The Western Balkan region is an often neglected corner of Europe and rarely attracts media interest from mainstream outlets. The result is that the region is fairly unknown to other Europeans. Is the region comprised of underdeveloped economies or do they have the potential to grow? Are they fragile or stabile states? And most importantly, are the Western Balkan countries ready to join the EU? To find any answers for these questions, it is important to look at Serbia and Albania, the two countries that have significant influence in the region. The stability and progress of the Western Balkans greatly depends on the relationship between these two countries.
Serbia officially became an EU candidate country in 2012, and in 2014 the accession negotiations were opened. The possible accession of Serbia is not without controversy or problems. Serbia was a crucial actor in all the conflicts that tormented the region in the last decade of the 20th century. Nowadays, Serbia’s refusal to acknowledge the independence of Kosovo is perceived as the biggest obstacle to a possible accession to the European Union. Furthermore, the multi-ethnical composition of the Western Balkan region has proven to be a sensitive issue. Neighboring Bosnia and Herzegovina is home to over a million Serbs and although Montenegro voted to leave the State Union with Serbia in 2006, the census of 2011 shows that 28.7 of the population still identifies as Serbian. When Serbia would join the EU, this could destabilize its multi-ethnical neighboring countries. Last but not least, Russian influences in Serbia raise questions about Serbia’s loyalty to the European project.
Albania has been an official candidate for accession to the European Union since June 2014. Similar to Serbia, it too has a considerable diaspora in neighboring countries. The country has a significant influence in the region, mostly in Kosovo where the majority of the population is Albanian. In neighboring Macedonia, 25% of the population identifies as Albanian, especially in the border regions of Western Macedonia. Also, there are large Albanian communities in the south of Serbia and in the south-east of Montenegro. Albania is already a member of NATO – it is seen as an important partner in combatting international crime – but also here questions of loyalty to the European project arise. Turkish influences in Albania have been historically strong.
Even though there are considerable cultural differences between Albania and Serbia, the political situation is remarkably similar. Both governments have strong leaders as prime-ministers. Aleksandar Vučić in Serbia and Edi Rama in Albania have both displayed autocratic characteristics during their time in office. According to reports of the EU Commission, both Serbia and Albania have problems with media censorship and with deep-rooted corruption in the state and judiciary. Despite the questionable state of democracy in both countries, Vučić and Rama are pro-European leaders and have repeatedly stressed their countries’ commitment to gain EU membership. For their role in stabilizing the region after the horrifying civil wars in the 1990s, they actually received widespread support from EU Member States. The result of this support is that despite the corruption and autocratic leadership, the Western Balkan region is relatively stable.[i] Proposals for cooperation are heard from both sides. Instead of fueling ethnic tensions for short-term electoral gains, it seems the two countries embarked on a road of reconciliation and cooperation. One example of this new trend is the first visit, after 68 years, of an Albanian prime-minister to the Serbian capital of Belgrade in 2014. The most tangible example of how the reconciliation between Albania and Serbia leads to enhanced regional stability in the Western Balkans, is the relative relaxation of Serbian-Kosovar relations. The Brussels Agreement, which is a direct result of this dialogue between Belgrade and Pristina, is a positive step forward for the stabilization of the entire region.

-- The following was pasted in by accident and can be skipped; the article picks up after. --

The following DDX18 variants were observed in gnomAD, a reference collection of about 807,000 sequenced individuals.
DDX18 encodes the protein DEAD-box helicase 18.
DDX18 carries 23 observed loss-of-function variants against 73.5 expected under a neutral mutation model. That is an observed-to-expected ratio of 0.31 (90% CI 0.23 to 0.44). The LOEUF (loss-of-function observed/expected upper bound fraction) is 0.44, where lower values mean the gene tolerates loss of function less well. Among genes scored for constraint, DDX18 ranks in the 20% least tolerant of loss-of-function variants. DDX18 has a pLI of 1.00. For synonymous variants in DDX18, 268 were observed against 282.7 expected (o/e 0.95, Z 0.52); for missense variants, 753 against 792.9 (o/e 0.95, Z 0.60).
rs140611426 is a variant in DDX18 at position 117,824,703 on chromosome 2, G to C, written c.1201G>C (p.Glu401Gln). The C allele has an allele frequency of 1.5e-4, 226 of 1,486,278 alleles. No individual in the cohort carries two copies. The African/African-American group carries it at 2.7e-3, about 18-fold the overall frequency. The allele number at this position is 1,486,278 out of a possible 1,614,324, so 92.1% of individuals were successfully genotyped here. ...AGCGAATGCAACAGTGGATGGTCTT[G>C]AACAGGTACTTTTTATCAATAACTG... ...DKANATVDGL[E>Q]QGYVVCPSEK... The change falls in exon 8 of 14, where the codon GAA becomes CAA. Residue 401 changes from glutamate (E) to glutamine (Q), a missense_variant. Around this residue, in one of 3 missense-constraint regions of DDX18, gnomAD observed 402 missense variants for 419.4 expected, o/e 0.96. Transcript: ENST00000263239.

The EU is by far the main economic and political partner of the Western Balkans and as stated above, Vučić and Rama are well known for their pro-European orientation. But the question of EU membership for Serbia and Albania is complicated. On the one hand, the countries’ focus on regional stability, mutual understanding, and tolerance resemble the dominant EU discourse. On the other hand, the autocratic traits of the countries’ leaders strongly resemble the political situation of their allies in Russia and Turkey. Vladimir Putin and Tayyip Erdogan are also greatly admired in the Balkan region and as stated above, the political leaders are also not immune to this. Signs of Putinism and Erdoganism are evident in the politics of the Western Balkans.
The EU’s choice to support the Western Balkans’ authoritarian political leaders in an attempt to maintain and advance regional stability is a matter of political necessity in the current context. Yet at the same time that support and external legitimization is stalling the necessary process of further democratization. It can indeed be argued that the EU turning a blind eye towards the rule of law and human rights in these countries empowers authoritarianism. However, in the current circumstances it is a rational thing to do. Although paradoxical, Europe needs strong national leaders to stabilize the Western Balkan region. The price is paid in terms of slow political reforms. The EU leadership should however always be aware that this is a precarious and temporal situation. While autocratic leadership on the short-term might benefit Europe and the Balkan region, on the long-term it might also provide for democratic backsliding and further instability.
[i] This article was written before Serbian-Kosovar relations significantly deteriorated after Serbian provocations in Kosovo.
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